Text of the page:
The Daughter Who Hated Her
- Alfred and Emily by Doris Lessing
Fourth Estate, 274 pp, £16.99, May 2008, ISBN 978 0 00 723345 8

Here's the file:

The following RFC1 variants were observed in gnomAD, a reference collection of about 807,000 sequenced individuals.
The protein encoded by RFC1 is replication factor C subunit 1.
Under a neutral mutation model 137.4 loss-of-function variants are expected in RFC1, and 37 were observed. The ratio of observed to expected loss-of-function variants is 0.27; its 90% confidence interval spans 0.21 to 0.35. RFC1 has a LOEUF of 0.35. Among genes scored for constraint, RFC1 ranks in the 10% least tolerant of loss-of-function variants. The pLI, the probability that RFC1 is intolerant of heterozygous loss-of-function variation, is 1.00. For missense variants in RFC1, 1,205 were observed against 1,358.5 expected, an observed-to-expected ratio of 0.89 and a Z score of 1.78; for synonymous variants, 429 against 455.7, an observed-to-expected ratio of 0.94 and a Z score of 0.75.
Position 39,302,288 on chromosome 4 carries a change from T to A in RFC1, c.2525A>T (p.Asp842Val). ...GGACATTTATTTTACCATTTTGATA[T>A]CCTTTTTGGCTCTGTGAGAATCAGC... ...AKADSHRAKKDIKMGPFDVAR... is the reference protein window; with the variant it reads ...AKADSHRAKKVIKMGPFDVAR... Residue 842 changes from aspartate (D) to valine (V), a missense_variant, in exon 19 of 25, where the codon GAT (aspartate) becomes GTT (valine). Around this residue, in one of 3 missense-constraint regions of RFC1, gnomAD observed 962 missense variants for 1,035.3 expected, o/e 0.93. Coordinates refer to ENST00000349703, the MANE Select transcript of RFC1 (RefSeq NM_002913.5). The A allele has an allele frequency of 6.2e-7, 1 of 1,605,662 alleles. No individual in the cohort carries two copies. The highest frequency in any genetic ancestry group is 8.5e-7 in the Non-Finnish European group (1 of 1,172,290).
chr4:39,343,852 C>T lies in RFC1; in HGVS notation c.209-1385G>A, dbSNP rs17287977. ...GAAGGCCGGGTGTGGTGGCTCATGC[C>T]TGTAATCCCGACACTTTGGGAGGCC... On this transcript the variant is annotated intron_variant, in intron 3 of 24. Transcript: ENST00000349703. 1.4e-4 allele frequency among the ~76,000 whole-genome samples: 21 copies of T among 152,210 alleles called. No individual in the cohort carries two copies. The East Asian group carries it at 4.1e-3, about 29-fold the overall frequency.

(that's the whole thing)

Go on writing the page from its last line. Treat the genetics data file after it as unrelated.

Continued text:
Doris Lessing is now saying she finds it more of a nuisance than a pleasure to have won the Nobel Prize. Considering the scope of her achievements it seems that a convergence of the twain – Lessing and the prize, the Titanic and the iceberg – was fated, but it is understandable that the impact has been disagreeable; she cannot think celebrity is her business. Intent on exploring her own life and the state of the world in which she has lived it, her ambition is of the kind proper to an artist. In The Golden Notebook and elsewhere, she mentions her admiration for Thomas Mann and for the idea of the philosophical novel, now, she believes, an impossibility; but even so she thinks one can still claim to be serious. Her right to make that claim is supported by her permanent interest in the world’s wickedness and injustice, which compel her to be a writer on the heroic scale. Only thus could fiction be a form of political action more effective than canvassing for a party, though she has done that in her time.
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